- He said that the insulting original brief was his opinion and he had no intention of changing his mind, but – and this was the watershed that turned this into such a great Argument on the Internet – he debated it anyway.
Ben made a few mistakes too, but was far more reasonable than my analogy gave him credit for. But this was part of what made the debate so entertaining. For me.
- He responded to the original brief. Okay, there was no way of knowing the original brief was Roy’s way of shouting indignation into the universe to get it off his chest, rather than an invitation to debate. But even so, he knew that shit was a snake when he picked it up.
- He failed to take into account the fact that anyone who speaks up in favour of something or someone polarising to the Internet community (Lucas, Martin, Star Trek, bacon) is going to automatically come off as a fanboy. Automatically. If someone hates on one of these classic subjects, for any reason, and you offer up some reasonable counter-argument, it is over for you. You become Urkel.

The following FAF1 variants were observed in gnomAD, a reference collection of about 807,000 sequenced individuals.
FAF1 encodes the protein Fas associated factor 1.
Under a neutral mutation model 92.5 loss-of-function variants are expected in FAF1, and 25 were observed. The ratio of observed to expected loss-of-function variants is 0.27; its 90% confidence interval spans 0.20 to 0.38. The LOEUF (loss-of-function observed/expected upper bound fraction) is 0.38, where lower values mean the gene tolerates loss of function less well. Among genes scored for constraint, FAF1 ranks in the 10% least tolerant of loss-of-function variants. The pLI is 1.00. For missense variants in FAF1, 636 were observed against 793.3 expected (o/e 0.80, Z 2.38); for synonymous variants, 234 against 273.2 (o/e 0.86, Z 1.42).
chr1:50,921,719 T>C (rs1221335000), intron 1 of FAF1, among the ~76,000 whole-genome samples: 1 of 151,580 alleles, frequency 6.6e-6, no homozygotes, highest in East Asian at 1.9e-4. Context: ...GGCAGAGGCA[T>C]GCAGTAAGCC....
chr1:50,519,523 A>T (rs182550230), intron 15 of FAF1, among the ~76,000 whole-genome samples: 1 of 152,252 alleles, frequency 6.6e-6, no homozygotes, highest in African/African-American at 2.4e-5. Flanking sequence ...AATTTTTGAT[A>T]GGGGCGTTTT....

- He didn’t take advantage of the idea that [19th Century science-fiction author] and [contemporary science-fiction film-maker] are colossally different ideas and comparing them in terms of how “visionary” they are is ridiculous.
Because why would he? This is Ben. Look at him.
Fair to say, while Lucas may not be one of Ben’s personal heroes, film-makers – particularly popular, successful and influential ones – are figures he aspires to and respects. And fair enough. And George Lucas is one of them. He’s the Granny Smith to Steven Spielberg’s Golden Delicious, Martin Scorsese’s Red Delicious, Woody Allen’s Knobbed Russet.